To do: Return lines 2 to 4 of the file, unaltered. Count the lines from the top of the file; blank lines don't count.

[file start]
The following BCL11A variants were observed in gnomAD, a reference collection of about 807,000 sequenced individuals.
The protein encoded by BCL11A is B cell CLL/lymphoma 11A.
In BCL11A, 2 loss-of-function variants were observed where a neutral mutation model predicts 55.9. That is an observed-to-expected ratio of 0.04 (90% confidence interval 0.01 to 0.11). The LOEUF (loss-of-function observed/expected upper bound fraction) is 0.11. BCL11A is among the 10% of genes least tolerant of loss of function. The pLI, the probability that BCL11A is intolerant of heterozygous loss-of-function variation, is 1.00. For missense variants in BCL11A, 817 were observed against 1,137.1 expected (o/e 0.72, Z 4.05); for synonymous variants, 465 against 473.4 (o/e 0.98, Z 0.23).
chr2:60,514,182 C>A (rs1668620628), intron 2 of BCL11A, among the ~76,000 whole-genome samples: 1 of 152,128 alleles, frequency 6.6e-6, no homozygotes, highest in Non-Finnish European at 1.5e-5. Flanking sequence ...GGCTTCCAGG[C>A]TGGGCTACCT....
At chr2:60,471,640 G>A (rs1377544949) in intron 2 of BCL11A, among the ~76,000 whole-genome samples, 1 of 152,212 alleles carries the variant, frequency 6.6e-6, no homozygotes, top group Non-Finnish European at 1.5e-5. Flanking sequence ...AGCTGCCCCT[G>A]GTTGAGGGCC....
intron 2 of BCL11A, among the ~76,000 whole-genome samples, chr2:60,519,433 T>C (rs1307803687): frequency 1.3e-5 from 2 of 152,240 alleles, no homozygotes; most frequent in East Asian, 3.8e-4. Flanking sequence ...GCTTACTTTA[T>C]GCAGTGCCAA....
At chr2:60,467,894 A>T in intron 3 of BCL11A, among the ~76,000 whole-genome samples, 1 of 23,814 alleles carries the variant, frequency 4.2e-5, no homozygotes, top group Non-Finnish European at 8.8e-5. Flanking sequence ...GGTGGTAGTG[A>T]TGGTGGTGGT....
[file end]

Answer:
The protein encoded by BCL11A is B cell CLL/lymphoma 11A.
In BCL11A, 2 loss-of-function variants were observed where a neutral mutation model predicts 55.9. That is an observed-to-expected ratio of 0.04 (90% confidence interval 0.01 to 0.11). The LOEUF (loss-of-function observed/expected upper bound fraction) is 0.11. BCL11A is among the 10% of genes least tolerant of loss of function. The pLI, the probability that BCL11A is intolerant of heterozygous loss-of-function variation, is 1.00. For missense variants in BCL11A, 817 were observed against 1,137.1 expected (o/e 0.72, Z 4.05); for synonymous variants, 465 against 473.4 (o/e 0.98, Z 0.23).
chr2:60,514,182 C>A (rs1668620628), intron 2 of BCL11A, among the ~76,000 whole-genome samples: 1 of 152,128 alleles, frequency 6.6e-6, no homozygotes, highest in Non-Finnish European at 1.5e-5. Flanking sequence ...GGCTTCCAGG[C>A]TGGGCTACCT....